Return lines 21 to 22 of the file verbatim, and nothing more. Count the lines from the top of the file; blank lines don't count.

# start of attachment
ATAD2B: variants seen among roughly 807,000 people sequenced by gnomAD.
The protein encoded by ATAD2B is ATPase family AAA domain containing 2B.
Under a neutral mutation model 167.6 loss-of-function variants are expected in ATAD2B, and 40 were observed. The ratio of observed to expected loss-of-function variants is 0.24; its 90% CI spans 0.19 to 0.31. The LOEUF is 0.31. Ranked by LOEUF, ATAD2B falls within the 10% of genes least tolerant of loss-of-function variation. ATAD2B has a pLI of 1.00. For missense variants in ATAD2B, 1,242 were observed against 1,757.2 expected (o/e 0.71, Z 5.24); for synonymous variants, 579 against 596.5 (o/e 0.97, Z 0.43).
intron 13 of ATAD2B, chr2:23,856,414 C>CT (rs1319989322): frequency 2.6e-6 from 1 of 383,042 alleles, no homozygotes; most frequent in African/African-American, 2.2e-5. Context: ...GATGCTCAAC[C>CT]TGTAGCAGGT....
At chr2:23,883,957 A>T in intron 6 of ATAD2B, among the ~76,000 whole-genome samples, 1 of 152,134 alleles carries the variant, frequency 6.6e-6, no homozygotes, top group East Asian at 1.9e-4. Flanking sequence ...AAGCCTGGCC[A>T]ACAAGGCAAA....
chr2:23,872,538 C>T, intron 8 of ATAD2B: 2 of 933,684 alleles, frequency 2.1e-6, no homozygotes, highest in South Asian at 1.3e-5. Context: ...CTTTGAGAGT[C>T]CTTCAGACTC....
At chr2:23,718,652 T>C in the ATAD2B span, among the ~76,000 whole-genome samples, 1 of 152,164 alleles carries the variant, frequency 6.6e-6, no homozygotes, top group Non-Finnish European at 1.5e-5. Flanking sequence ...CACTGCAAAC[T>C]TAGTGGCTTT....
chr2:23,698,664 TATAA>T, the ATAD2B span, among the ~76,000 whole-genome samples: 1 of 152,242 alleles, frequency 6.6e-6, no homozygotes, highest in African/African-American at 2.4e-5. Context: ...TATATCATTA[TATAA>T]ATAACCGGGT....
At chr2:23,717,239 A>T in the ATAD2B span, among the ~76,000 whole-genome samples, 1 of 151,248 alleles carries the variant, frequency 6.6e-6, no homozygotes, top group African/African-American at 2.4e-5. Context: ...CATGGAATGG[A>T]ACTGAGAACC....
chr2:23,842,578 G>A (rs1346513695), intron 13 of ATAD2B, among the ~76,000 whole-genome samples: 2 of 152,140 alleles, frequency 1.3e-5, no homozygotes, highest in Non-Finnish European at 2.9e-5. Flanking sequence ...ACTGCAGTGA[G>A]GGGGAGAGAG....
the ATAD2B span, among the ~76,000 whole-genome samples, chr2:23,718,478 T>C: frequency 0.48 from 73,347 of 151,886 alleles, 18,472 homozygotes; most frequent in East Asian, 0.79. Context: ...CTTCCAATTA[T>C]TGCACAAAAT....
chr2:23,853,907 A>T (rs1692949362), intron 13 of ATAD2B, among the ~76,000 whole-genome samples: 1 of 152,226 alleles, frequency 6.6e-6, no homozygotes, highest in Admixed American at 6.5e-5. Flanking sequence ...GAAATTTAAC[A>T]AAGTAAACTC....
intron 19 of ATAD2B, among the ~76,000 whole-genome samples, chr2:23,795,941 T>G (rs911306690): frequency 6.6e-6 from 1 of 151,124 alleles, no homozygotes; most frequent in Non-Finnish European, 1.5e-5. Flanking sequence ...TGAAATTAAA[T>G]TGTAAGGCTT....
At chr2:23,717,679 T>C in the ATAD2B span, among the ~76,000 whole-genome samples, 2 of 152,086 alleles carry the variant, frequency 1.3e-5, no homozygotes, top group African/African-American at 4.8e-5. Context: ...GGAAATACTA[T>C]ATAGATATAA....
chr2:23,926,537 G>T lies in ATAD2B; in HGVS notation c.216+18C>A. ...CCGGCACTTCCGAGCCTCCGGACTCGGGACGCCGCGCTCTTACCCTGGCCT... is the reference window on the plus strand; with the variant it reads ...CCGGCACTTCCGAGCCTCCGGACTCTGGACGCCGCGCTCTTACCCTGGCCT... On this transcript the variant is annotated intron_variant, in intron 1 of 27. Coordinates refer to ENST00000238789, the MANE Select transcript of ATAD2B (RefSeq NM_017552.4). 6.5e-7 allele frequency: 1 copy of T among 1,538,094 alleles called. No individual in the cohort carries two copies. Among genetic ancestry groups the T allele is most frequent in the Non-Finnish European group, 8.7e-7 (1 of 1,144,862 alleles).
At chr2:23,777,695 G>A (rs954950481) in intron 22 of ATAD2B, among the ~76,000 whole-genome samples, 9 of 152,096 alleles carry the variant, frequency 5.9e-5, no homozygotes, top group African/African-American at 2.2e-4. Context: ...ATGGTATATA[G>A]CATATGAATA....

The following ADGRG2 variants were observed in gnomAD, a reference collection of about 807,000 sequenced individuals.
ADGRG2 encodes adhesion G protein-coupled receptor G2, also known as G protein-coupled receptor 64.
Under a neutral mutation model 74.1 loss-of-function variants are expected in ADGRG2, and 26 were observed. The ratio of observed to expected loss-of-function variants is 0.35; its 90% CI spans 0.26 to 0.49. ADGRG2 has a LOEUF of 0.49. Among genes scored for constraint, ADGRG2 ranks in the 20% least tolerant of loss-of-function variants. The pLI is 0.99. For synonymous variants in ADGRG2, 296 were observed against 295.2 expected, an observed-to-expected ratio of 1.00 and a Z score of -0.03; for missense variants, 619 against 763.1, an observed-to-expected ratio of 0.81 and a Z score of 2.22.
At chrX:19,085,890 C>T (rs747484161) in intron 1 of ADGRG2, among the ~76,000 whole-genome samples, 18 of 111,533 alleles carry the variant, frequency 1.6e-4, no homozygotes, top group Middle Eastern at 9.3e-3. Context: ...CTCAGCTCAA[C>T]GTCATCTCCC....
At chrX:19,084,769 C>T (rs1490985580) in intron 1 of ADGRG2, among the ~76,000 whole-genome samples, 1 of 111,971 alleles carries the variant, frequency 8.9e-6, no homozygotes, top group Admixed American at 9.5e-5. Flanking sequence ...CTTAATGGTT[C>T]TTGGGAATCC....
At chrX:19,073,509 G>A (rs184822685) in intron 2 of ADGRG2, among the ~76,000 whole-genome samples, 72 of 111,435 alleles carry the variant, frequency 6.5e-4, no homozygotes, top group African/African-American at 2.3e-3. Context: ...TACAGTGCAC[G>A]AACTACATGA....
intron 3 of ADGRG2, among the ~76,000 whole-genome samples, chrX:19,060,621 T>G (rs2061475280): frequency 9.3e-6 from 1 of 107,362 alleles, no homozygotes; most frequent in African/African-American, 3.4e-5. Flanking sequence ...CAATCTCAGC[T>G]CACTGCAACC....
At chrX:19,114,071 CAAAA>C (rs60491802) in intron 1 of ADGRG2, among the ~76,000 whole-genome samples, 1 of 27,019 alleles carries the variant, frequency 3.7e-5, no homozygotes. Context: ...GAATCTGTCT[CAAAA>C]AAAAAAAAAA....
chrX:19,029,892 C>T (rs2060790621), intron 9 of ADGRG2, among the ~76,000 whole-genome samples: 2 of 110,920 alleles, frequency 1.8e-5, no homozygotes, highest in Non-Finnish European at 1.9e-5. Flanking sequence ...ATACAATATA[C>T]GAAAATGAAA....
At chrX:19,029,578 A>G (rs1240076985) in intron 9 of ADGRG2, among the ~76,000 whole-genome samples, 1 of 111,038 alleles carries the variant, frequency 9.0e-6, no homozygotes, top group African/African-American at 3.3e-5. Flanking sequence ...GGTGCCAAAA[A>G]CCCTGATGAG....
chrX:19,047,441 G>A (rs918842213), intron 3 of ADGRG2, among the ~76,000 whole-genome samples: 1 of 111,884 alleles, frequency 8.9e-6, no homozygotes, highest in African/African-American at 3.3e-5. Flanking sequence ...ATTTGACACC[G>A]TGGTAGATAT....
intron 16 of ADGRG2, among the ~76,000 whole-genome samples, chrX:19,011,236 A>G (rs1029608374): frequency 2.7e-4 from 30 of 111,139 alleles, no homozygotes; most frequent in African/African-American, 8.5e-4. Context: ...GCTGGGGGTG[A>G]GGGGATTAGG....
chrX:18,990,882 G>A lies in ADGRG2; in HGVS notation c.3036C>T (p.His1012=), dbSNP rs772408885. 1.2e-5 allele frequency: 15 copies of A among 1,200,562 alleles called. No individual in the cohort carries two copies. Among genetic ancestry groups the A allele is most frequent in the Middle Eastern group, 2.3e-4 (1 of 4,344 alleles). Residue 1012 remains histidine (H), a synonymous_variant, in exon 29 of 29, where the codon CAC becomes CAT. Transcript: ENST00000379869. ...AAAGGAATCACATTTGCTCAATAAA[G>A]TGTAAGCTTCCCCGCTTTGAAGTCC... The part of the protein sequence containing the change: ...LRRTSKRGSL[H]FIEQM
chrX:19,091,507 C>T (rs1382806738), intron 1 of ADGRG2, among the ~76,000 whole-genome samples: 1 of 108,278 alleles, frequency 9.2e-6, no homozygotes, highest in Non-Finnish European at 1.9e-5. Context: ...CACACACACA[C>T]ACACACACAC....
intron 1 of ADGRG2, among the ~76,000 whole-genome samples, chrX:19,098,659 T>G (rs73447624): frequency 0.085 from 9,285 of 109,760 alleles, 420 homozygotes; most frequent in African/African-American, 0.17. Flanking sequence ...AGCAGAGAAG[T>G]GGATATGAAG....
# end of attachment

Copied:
At chrX:19,084,769 C>T (rs1490985580) in intron 1 of ADGRG2, among the ~76,000 whole-genome samples, 1 of 111,971 alleles carries the variant, frequency 8.9e-6, no homozygotes, top group Admixed American at 9.5e-5. Flanking sequence ...CTTAATGGTT[C>T]TTGGGAATCC....
At chrX:19,073,509 G>A (rs184822685) in intron 2 of ADGRG2, among the ~76,000 whole-genome samples, 72 of 111,435 alleles carry the variant, frequency 6.5e-4, no homozygotes, top group African/African-American at 2.3e-3. Context: ...TACAGTGCAC[G>A]AACTACATGA....